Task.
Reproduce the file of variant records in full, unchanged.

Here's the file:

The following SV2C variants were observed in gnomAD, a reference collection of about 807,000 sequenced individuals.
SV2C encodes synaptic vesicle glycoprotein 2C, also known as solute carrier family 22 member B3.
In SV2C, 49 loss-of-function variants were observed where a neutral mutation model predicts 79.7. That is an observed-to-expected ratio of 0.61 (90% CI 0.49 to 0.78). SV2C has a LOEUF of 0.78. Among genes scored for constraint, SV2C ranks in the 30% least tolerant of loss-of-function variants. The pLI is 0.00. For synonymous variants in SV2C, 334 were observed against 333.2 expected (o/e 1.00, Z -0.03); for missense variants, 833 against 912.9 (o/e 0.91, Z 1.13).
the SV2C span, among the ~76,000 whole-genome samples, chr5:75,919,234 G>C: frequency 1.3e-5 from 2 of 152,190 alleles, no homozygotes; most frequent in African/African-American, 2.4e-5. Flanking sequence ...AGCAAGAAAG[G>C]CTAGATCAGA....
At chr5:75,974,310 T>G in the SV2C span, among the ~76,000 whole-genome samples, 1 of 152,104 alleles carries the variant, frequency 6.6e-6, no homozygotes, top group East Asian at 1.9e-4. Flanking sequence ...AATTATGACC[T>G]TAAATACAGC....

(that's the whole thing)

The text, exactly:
The following SV2C variants were observed in gnomAD, a reference collection of about 807,000 sequenced individuals.
SV2C encodes synaptic vesicle glycoprotein 2C, also known as solute carrier family 22 member B3.
In SV2C, 49 loss-of-function variants were observed where a neutral mutation model predicts 79.7. That is an observed-to-expected ratio of 0.61 (90% CI 0.49 to 0.78). SV2C has a LOEUF of 0.78. Among genes scored for constraint, SV2C ranks in the 30% least tolerant of loss-of-function variants. The pLI is 0.00. For synonymous variants in SV2C, 334 were observed against 333.2 expected (o/e 1.00, Z -0.03); for missense variants, 833 against 912.9 (o/e 0.91, Z 1.13).
the SV2C span, among the ~76,000 whole-genome samples, chr5:75,919,234 G>C: frequency 1.3e-5 from 2 of 152,190 alleles, no homozygotes; most frequent in African/African-American, 2.4e-5. Flanking sequence ...AGCAAGAAAG[G>C]CTAGATCAGA....
At chr5:75,974,310 T>G in the SV2C span, among the ~76,000 whole-genome samples, 1 of 152,104 alleles carries the variant, frequency 6.6e-6, no homozygotes, top group East Asian at 1.9e-4. Flanking sequence ...AATTATGACC[T>G]TAAATACAGC....